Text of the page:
Visit EcoWatch’s NUCLEAR page for more related news on this topic.

——–

EcoWatch Daily Newsletter

Workers clean up a crude oil leak from a pipeline in Minnesota in 2002. JOEY MCLEISTER / Star Tribune via Getty Images

The Trump administration has finalized a rule making it harder for states and tribal communities to block pipelines and other infrastructure projects that threaten waterways.

Read More Show Less
The Pile River flows into the northern end of Lake Iliamna. The lake and its tributaries are the headwaters of the Bristol Bay region, one of the richest salmon fisheries in the world. Luis Sinco / Los Angeles Times via Getty Images

The U.S. Environmental Protection Agency (EPA) wrote a letter to the Army Corps of Engineers last week to say that it would not oppose or put a stop to a huge copper and gold mine near the world's largest sockeye salmon fishery, as The Washington Post reported.

Read More Show Less
A crowd of protestors on May 31, 2020 in Washington, DC. Tasos Katopodis / Getty Images

The nationwide horror at the killing of George Floyd by the Minneapolis police has triggered protests in 75 cities. People are demonstrating against the systemic racism that has made people of color targets of lethal actions by law enforcement. In response, elected officials and public health experts are walking a fine line of affirming the rights of protestors while simultaneously worrying that the protests will lead to a new wave of coronavirus infections.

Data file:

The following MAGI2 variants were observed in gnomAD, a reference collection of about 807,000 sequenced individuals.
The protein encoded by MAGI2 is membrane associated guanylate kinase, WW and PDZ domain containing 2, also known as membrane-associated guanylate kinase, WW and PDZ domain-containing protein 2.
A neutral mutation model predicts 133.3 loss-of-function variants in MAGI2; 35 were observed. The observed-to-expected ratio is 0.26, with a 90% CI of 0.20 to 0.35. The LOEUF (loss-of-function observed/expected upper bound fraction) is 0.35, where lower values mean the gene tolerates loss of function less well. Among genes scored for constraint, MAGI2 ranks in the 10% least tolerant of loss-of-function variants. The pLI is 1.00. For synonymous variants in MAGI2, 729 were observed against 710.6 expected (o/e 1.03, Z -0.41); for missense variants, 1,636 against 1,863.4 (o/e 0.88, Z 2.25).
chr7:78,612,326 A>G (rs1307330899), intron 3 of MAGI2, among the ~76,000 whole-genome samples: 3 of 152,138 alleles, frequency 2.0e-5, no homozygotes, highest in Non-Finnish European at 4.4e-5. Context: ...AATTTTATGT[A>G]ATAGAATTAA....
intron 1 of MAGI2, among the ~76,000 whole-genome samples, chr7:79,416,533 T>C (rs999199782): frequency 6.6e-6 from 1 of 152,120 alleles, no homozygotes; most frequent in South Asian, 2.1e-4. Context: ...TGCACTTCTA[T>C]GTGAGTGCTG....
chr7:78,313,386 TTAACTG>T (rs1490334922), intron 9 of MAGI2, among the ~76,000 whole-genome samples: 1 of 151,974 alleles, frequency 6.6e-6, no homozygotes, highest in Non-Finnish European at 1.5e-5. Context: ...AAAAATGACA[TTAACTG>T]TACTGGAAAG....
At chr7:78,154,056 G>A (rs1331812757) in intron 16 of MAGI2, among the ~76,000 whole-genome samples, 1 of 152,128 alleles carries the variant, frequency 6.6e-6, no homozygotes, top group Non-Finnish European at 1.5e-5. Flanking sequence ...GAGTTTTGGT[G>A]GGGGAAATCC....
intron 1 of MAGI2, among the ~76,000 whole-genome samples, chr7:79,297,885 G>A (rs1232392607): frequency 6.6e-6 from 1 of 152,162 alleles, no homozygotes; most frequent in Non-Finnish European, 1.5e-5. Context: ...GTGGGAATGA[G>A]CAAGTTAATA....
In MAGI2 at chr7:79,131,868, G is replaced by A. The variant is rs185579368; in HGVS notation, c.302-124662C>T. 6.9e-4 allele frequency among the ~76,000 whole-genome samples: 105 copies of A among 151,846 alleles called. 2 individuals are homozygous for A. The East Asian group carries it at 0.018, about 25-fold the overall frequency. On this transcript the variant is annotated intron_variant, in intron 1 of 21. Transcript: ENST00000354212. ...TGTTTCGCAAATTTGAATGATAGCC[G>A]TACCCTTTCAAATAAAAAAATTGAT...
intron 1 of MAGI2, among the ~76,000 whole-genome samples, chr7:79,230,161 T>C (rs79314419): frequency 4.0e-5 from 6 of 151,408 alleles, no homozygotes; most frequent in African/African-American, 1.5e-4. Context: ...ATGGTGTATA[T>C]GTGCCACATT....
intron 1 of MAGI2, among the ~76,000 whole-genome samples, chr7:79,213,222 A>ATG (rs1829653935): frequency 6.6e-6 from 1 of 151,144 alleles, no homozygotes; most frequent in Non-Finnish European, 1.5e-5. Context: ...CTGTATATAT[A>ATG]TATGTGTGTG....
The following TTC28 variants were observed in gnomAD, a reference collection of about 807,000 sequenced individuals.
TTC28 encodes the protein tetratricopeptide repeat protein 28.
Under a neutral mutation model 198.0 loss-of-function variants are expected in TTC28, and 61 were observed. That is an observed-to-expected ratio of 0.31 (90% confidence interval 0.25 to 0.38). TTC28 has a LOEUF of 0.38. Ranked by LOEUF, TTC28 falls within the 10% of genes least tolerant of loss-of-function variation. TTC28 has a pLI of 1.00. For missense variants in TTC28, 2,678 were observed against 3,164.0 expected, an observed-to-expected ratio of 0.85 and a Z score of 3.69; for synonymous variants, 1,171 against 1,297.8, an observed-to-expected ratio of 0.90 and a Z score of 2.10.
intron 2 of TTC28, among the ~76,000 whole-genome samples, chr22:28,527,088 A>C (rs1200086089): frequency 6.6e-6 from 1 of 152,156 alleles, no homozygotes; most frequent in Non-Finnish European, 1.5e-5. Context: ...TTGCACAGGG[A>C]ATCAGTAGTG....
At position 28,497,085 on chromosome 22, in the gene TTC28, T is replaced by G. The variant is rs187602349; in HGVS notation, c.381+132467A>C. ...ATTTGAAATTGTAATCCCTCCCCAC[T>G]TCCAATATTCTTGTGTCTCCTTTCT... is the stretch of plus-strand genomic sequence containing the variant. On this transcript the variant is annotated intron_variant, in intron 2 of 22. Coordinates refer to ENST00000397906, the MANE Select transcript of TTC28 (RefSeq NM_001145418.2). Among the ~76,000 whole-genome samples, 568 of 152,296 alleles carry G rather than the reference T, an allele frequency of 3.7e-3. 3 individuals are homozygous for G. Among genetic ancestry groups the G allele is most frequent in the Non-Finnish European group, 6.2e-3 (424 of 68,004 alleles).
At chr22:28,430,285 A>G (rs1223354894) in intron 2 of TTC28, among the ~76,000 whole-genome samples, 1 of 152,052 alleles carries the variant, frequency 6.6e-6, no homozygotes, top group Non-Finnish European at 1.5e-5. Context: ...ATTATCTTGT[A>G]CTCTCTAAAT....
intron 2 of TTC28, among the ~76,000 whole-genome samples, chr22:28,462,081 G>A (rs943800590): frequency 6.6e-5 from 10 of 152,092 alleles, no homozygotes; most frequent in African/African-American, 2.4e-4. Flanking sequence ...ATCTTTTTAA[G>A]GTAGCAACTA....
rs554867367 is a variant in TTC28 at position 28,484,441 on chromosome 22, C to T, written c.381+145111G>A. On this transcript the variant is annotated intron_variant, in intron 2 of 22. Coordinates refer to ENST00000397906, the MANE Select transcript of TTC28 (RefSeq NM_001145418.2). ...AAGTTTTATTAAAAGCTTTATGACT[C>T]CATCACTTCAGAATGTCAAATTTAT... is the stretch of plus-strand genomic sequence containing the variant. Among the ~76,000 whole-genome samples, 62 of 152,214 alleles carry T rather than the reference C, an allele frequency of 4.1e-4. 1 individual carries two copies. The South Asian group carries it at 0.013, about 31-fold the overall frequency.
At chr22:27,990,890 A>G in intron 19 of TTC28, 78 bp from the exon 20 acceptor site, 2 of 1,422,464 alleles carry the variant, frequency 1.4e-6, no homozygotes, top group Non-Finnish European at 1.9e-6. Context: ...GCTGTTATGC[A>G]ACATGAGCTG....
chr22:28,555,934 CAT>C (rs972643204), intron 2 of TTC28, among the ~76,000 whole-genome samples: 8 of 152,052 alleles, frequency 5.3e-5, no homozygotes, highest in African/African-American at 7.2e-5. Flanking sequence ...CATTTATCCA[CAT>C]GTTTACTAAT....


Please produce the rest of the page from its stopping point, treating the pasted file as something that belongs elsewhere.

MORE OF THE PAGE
Read More Show Less
Increasing your exercise intensity is fairly simple to do. You can still participate in your favorite activities — just at a more vigorous pace. SrdjanPav / Getty Images

By Sara Lindberg

Whether you've hit a workout plateau or you're just ready to turn things up a notch, adding more strenuous exercise — also known as high-intensity exercise — to your overall fitness routine is one way to increase your calorie burn, improve your heart health, and boost your metabolism.

However, to do it safely and effectively, there are some guidelines you should follow. Keep reading to learn more about the benefits of vigorous exercise and how to safely dial up the intensity of your workouts.

Read More Show Less
As restoration managers repair damaged corals, sound recordings can help jumpstart the process of restoring vibrant – and noisy – coral reef ecosystems. CC by 2.0

A healthy coral reef is a noisy place.

Read More Show Less
While it's often dismissed as stuff for kids, a lot of grownups secretly savor it. TheCrimsonMonkey / Getty Images

By Jeffrey Miller

In January 2015, food sales at restaurants overtook those at grocery stores for the first time. Most thought this marked a permanent shift in the American meal.

Read More Show Less

Trending

A man observes the damages caused to his neighborhood from Tropical Storm Amanda on May 31, 2020 in San Salvador, El Salvador. Guillermo Martínez / APHOTOGRAFIA / Getty Images

At least 14 people were killed when Tropical Storm Amanda walloped El Salvador Sunday, Interior Minister Mario Duran said.

Read More Show Less